Fluid simulation engine for computer graphics applications

Fluid Engine Dev - Jet

License Windows Windows-MinGW Ubuntu macOS codecov

Jet framework is a fluid simulation engine SDK for computer graphics applications that was created by Doyub Kim as part of the book, "Fluid Engine Development". The code is built on C++11 and can be compiled with most of the commonly available compilers such as g++, clang++, or Microsoft Visual Studio. Jet currently supports macOS (10.10 or later), Ubuntu (14.04 or later), and Windows (Visual Studio 2015 or later). Other untested platforms that support C++11 also should be able to build Jet. The framework also provides Python API for faster prototyping.

The latest code is always available from the main branch. Since the code evolves over time, the latest from the main branch could be somewhat different from the code in the book. To find the version that is consistent with the book, check out the branch book-1st-edition.

Key Features

  • Basic math and geometry operations and data structures
  • Spatial query accelerators
  • SPH and PCISPH fluid simulators
  • Stable fluids-based smoke simulator
  • Level set-based liquid simulator
  • PIC, FLIP, and APIC fluid simulators
  • Upwind, ENO, and FMM level set solvers
  • Jacobi, Gauss-Seidel, SOR, MG, CG, ICCG, and MGPCG linear system solvers
  • Spherical, SPH, Zhu & Bridson, and Anisotropic kernel for points-to-surface converter
  • Converters between signed distance function and triangular mesh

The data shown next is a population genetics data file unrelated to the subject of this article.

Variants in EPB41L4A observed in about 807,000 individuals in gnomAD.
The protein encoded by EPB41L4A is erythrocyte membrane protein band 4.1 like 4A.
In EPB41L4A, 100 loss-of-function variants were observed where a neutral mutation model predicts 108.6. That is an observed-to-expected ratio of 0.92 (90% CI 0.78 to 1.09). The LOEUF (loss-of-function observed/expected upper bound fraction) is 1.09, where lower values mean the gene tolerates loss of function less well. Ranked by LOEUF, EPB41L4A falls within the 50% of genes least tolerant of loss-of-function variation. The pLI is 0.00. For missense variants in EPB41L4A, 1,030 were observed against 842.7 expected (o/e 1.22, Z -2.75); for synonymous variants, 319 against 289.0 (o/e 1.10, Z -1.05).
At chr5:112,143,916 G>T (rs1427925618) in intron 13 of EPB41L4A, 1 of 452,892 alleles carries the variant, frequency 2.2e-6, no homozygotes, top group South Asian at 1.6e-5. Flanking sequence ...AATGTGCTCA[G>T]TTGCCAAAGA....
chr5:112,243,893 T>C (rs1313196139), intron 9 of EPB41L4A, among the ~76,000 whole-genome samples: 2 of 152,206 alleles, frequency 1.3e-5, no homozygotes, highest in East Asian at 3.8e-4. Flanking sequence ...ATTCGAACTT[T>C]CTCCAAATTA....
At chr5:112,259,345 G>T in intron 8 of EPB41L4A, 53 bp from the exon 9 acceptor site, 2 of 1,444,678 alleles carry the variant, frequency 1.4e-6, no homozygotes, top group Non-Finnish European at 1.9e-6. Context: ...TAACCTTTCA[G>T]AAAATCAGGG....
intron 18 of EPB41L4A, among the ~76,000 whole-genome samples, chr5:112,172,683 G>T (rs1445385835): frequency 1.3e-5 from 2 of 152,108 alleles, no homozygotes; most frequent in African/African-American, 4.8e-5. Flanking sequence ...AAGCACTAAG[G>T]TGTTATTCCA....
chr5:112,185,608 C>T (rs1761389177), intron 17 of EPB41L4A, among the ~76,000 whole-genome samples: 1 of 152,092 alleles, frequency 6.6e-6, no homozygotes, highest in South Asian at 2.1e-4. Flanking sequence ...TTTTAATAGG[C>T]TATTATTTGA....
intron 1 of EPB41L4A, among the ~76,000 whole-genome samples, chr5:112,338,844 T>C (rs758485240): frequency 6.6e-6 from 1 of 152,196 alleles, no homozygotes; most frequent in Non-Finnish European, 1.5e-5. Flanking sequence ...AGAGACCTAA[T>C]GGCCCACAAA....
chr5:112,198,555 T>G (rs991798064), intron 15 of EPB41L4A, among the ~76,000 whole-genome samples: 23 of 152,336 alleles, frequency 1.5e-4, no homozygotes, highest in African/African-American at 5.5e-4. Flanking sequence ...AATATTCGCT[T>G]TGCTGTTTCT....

• C++ and Python API
  • Intel TBB, OpenMP, and C++11 multi-threading backends

Every simulator has both 2-D and 3-D implementations.

Quick Start

You will need CMake to build the code. If you're using Windows, you need Visual Studio 2015 or 2017 in addition to CMake.

First, clone the code:

git clone https://github.com/doyubkim/fluid-engine-dev.git --recursive
cd fluid-engine-dev

Python API

Build and install the package by running

pip install -U .

Now run some examples, such as:

python src/examples/python_examples/smoke_example01.py

C++ API

For macOS or Linux:

mkdir build && cd build && cmake .. && make

For Windows:

mkdir build
cd build
cmake .. -G"Visual Studio 14 2015 Win64"
MSBuild jet.sln /p:Configuration=Release

Now run some examples, such as:

bin/hybrid_liquid_sim

Docker

docker pull doyubkim/fluid-engine-dev:latest

Now run some examples, such as:

docker run -it doyubkim/fluid-engine-dev
[inside docker container]
/app/build/bin/hybrid_liquid_sim

More Instructions of Building the Code

To learn how to build, test, and install the SDK, please check out INSTALL.md.

Documentations

All the documentations for the framework can be found from the project website including the API reference.

Examples

Here are some of the example simulations generated using Jet framework. Corresponding example codes can be found under src/examples. All images are rendered using Mitsuba renderer and the Mitsuba scene files can be found from the demo repository. Find out more demos from the project website.

FLIP Simulation Example

FLIP Example

PIC Simulation Example

PIC Example

Level Set Example with Different Viscosity

Level Set Example

Smoke Simulation with Different Advection Methods

Cubic-smoke Example Linear-smoke Example

Point-to-Surface Examples

Point-to-Surface Example

Top-left: spherical, top-right: SPH blobby, bottom-left: Zhu and Bridson's method, and bottom-right: Anisotropic kernel

Developers

This repository is created and maintained by Doyub Kim (@doyubkim). Chris Ohk (@utilForever) is a co-developer of the framework since v1.3. Many other contributors also helped improving the codebase including Jefferson Amstutz (@jeffamstutz) who helped integrating Intel TBB and OpenMP backends.